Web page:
|Inside the church of San Felice in the Cannaregio district of Venice.
It was founded in the 10th century, although the first document mentioning it dates to 1117. It was reconsecrated in 1267 by the patriarch of Caorle and Jesolo after it had been deeply renewed. Starting from 1531, it was completely rebuilt in the style of Mauro Codussi.
The church has a square plan with two façade, the main one featuring pilasters with Corinthian capitals. The interior is on the Greek cross plan, with four pillars at the crossing supporting the arcades of the dome.
Artworks include a St. Demetrius attributed to the early Tintoretto (c. 1547) and a crucifix attributed to Andrea Brustolon. An inscription in the interior recalls the baptism of Carlo Rezzonico, future Pope Clement XIII, occurred here in 29 March 1693. (Text from Wikipedia).
• Added to the gallery on Feb 20, 2012
• File size: 3.0 MB
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Inside the church of Santi Apostoli in the Cannaregio district of Venice.
The Chiesa dei Santi Apostoli di Cristo, commonly called Santi Apostoli, is one of the oldest churches in the city although it has undergone numerous changes since its foundation. The present building is the result of a major reconstruction project which was undertaken in 1575.
In the 7th century Venice was not yet a city, but a collection of small communities scattered throughout the lagoon. Saint Magnus, the Bishop of Oderzo, came to the lagoon and founded eight churches. According to a legend recounted by the historian Flaminio Cornaro, St. Magnus had a vision of the Twelve Apostles who commanded him to build a church on a site where he saw twelve cranes. The church presently stands on the Campo dei Santi Apostoli at the beginning of the Strada Nuova (New Road).
The church retains its 16th century layout: a single nave supported by two rows of columns. The ceiling fresco is Communion of the Apostles and the Triumph of the Eucharist by Fabio Canal. (Text based on Wikipedia).
• Added to the gallery on Mar 12, 2012
• File size: 3.9 MB
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Inside the Gothic church of Santi Giovanni e Paolo in the Castello district of Venice.
Wikipedia: The Basilica di San Giovanni e Paolo, known in the Venetian dialect as San Zanipolo, is one of the largest churches in the city. It has the status of a minor basilica. After the 15th century the funeral services of all of Venice's doges were held here, and twenty-five doges are buried in the church.
A huge brick edifice built in the Italian Gothic style, it is the principal Dominican church of Venice, and as such was built for preaching to large congregations. It is dedicated to John and Paul, not the Biblical Apostles of the same names, but two obscure martyrs of the Early Christian church in Rome, whose names were recorded in the 3rd century but whose legend is of a later date.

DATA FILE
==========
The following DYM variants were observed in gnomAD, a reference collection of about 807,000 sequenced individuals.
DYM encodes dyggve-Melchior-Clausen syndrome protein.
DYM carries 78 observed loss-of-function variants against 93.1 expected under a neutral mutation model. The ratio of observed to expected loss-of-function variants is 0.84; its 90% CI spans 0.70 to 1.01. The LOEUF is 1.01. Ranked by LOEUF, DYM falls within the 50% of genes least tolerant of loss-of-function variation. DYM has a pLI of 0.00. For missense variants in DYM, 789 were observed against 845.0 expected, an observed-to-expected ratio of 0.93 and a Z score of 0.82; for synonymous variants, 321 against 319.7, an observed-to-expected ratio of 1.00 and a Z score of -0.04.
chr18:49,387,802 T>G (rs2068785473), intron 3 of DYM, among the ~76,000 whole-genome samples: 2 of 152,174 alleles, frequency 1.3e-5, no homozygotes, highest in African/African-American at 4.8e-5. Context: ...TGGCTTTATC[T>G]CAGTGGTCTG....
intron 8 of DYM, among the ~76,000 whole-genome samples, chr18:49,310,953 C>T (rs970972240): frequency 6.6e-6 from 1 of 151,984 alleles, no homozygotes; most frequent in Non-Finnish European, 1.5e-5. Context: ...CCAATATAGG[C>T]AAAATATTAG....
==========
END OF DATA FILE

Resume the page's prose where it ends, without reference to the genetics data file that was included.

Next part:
In 1246, Doge Jacopo Tiepolo donated some swampland to the Dominicans after dreaming of a flock of white doves flying over it. The first church was demolished in 1333, when the current church was begun. It was not completed until 1430.
The vast interior contains many funerary monuments and paintings, as well as the Madonna della Pace, a miraculous Byzantine statue situated in its own chapel in the south aisle, and a foot of St Catherine of Siena, the church's chief relic.
• Added to the gallery on Mar 14, 2012
• File size: 4.4 MB
: 3368 (#1946
On the square in front of the church of San Giobbe in the Cannaregio district of Venice.
"Its principal entrance is a very fine example of early Renaissance sculpture. Note in it, especially, its beautiful use of the flower of the convolvulus. There are said to be still more beautiful examples of the same period, in the interior." (John Ruskin: The Stones of Venice).
• Added to the gallery on Mar 16, 2012
• File size: 2.8 MB
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Inside the church of San Geremia in the Cannaregio district of Venice.
Wikipedia: "The edifice is popular as the seat of the cult of Saint Lucy of Syracuse, whose remains are housed inside.
The first church was erected here in the 11th century, and was later rebuilt on several occasions. In 1206 it is mentioned to house the remains of St. Magnus of Oderzo (died 670), who had taken refuge in this area from the Lombards. A first rebuilding was held under doge Sebastiano Ziani, the new church being consecrated in 1292. The current edifice dates from 1753, designed by Carlo Corbellini; the façade is from 1861. The brickwork bell tower (probably dating from the 12th century) has two thin Romanesque mullioned windows at the base.
The interior has rather sober walls. The altar and its presbytery are notable, with two statues of St. Peter and St. Jeremy Apostle (1798). A work by Palma the Younger (The Virgin at the Incoronation of Venice by St. Magnus) decorates the fourth altar.
The church is object of pilgrimages and wide devotion for the presence of the relics of Saint Lucy, which were carried here in 1861 when the church dedicated to her was demolished. In 1955 Angelo Roncalli, future Pope John XXIII and then Patriarch of Venice, had a silver mask put on the saint's face to protect it from dust. The saint's body was stolen on July 7, 1981, but was restored in December of the same year without any ransom".
• Added to the gallery on Feb 2, 2012
• File size: 3.5 MB
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